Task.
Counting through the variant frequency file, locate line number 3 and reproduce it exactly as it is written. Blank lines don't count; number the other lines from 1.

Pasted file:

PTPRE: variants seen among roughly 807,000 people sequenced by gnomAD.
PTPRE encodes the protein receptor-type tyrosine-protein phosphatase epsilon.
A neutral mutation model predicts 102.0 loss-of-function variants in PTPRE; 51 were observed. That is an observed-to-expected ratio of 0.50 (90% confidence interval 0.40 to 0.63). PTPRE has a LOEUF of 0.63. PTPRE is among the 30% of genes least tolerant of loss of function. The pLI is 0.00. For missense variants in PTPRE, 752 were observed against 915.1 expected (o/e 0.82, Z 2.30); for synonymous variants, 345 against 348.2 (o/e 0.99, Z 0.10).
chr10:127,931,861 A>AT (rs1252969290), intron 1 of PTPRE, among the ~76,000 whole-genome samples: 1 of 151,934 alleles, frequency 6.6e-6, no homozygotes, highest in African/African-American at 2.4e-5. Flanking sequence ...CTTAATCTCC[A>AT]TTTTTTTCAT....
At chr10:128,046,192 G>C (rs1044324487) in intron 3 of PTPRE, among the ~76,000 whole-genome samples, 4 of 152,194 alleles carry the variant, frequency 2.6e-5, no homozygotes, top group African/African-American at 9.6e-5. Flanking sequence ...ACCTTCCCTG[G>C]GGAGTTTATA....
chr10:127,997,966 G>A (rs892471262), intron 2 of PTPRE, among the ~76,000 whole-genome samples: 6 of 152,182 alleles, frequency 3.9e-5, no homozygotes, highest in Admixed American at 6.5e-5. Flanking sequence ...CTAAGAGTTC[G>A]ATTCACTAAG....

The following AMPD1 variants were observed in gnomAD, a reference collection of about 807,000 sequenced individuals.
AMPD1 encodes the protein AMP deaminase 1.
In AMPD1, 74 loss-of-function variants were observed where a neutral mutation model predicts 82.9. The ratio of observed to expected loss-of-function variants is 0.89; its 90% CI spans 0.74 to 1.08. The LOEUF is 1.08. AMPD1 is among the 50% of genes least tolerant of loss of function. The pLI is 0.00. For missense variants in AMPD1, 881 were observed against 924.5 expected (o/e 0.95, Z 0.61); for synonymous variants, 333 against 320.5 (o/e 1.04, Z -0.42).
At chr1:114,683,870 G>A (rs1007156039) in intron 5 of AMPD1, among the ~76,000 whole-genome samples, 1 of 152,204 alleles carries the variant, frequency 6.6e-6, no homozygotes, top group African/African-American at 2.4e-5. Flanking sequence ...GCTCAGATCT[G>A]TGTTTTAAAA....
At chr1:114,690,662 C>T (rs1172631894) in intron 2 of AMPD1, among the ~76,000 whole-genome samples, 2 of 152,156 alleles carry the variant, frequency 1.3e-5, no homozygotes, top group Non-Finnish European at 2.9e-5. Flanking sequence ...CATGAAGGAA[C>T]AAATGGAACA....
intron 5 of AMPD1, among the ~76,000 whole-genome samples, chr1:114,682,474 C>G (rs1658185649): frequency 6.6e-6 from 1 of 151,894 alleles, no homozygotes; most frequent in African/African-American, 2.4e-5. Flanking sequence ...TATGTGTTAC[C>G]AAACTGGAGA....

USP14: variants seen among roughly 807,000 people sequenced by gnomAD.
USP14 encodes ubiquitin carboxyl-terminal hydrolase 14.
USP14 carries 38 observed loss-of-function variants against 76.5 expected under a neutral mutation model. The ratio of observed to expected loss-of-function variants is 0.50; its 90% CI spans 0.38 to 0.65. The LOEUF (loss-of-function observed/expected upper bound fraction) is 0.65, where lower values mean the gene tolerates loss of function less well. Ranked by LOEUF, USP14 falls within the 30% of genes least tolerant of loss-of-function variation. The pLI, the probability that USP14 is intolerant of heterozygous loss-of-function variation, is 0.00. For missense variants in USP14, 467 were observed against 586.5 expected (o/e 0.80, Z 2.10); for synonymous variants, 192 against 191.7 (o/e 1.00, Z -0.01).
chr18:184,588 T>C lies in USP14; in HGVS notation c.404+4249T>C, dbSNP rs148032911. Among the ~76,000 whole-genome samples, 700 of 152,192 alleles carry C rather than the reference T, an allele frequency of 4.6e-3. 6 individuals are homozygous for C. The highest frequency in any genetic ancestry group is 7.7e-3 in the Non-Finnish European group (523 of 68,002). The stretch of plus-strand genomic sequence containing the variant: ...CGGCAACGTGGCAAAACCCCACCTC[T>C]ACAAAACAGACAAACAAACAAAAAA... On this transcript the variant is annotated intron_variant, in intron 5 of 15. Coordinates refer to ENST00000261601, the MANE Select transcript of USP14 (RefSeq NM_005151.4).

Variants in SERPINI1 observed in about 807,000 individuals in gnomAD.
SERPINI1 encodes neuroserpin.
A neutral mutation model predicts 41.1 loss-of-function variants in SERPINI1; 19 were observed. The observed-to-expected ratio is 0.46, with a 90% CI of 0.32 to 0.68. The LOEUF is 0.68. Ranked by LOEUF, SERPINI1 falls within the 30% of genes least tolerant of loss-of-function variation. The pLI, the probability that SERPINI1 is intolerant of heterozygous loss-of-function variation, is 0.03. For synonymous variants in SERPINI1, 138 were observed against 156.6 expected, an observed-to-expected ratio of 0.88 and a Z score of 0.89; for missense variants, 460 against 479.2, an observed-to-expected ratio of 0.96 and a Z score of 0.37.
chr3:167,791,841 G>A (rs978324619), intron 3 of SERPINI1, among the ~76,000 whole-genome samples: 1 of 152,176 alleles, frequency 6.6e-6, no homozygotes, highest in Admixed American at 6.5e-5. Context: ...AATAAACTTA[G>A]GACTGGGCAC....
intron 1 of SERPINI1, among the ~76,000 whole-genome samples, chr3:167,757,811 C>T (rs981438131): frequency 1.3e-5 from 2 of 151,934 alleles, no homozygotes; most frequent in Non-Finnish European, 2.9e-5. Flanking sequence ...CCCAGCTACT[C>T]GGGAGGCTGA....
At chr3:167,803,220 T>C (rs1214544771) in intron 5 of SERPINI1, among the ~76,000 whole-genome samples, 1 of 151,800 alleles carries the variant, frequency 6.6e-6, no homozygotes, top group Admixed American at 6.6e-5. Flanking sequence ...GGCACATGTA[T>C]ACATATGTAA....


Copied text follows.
A neutral mutation model predicts 102.0 loss-of-function variants in PTPRE; 51 were observed. That is an observed-to-expected ratio of 0.50 (90% confidence interval 0.40 to 0.63). PTPRE has a LOEUF of 0.63. PTPRE is among the 30% of genes least tolerant of loss of function. The pLI is 0.00. For missense variants in PTPRE, 752 were observed against 915.1 expected (o/e 0.82, Z 2.30); for synonymous variants, 345 against 348.2 (o/e 0.99, Z 0.10).